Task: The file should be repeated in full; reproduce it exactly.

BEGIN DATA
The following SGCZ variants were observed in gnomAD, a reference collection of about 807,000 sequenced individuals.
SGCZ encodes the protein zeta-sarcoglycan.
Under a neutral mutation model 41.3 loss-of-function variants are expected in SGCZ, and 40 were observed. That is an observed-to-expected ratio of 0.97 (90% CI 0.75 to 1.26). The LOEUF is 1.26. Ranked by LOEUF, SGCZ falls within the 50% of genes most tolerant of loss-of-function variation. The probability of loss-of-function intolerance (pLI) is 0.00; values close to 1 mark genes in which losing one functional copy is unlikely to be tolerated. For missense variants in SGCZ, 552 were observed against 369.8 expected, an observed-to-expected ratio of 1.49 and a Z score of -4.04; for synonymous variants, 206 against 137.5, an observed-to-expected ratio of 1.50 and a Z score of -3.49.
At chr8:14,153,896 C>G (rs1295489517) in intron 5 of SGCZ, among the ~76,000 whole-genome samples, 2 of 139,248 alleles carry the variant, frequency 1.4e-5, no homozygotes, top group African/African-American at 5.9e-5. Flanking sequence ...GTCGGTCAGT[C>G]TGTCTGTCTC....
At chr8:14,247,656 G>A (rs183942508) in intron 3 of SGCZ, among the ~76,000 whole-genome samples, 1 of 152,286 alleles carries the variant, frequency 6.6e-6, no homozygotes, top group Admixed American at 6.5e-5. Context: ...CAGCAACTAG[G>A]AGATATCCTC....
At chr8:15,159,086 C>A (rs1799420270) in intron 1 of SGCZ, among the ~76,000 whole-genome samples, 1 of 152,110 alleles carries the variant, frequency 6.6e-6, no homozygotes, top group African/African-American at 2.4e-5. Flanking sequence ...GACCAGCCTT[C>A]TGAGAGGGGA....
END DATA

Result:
The following SGCZ variants were observed in gnomAD, a reference collection of about 807,000 sequenced individuals.
SGCZ encodes the protein zeta-sarcoglycan.
Under a neutral mutation model 41.3 loss-of-function variants are expected in SGCZ, and 40 were observed. That is an observed-to-expected ratio of 0.97 (90% CI 0.75 to 1.26). The LOEUF is 1.26. Ranked by LOEUF, SGCZ falls within the 50% of genes most tolerant of loss-of-function variation. The probability of loss-of-function intolerance (pLI) is 0.00; values close to 1 mark genes in which losing one functional copy is unlikely to be tolerated. For missense variants in SGCZ, 552 were observed against 369.8 expected, an observed-to-expected ratio of 1.49 and a Z score of -4.04; for synonymous variants, 206 against 137.5, an observed-to-expected ratio of 1.50 and a Z score of -3.49.
At chr8:14,153,896 C>G (rs1295489517) in intron 5 of SGCZ, among the ~76,000 whole-genome samples, 2 of 139,248 alleles carry the variant, frequency 1.4e-5, no homozygotes, top group African/African-American at 5.9e-5. Flanking sequence ...GTCGGTCAGT[C>G]TGTCTGTCTC....
At chr8:14,247,656 G>A (rs183942508) in intron 3 of SGCZ, among the ~76,000 whole-genome samples, 1 of 152,286 alleles carries the variant, frequency 6.6e-6, no homozygotes, top group Admixed American at 6.5e-5. Context: ...CAGCAACTAG[G>A]AGATATCCTC....
At chr8:15,159,086 C>A (rs1799420270) in intron 1 of SGCZ, among the ~76,000 whole-genome samples, 1 of 152,110 alleles carries the variant, frequency 6.6e-6, no homozygotes, top group African/African-American at 2.4e-5. Flanking sequence ...GACCAGCCTT[C>A]TGAGAGGGGA....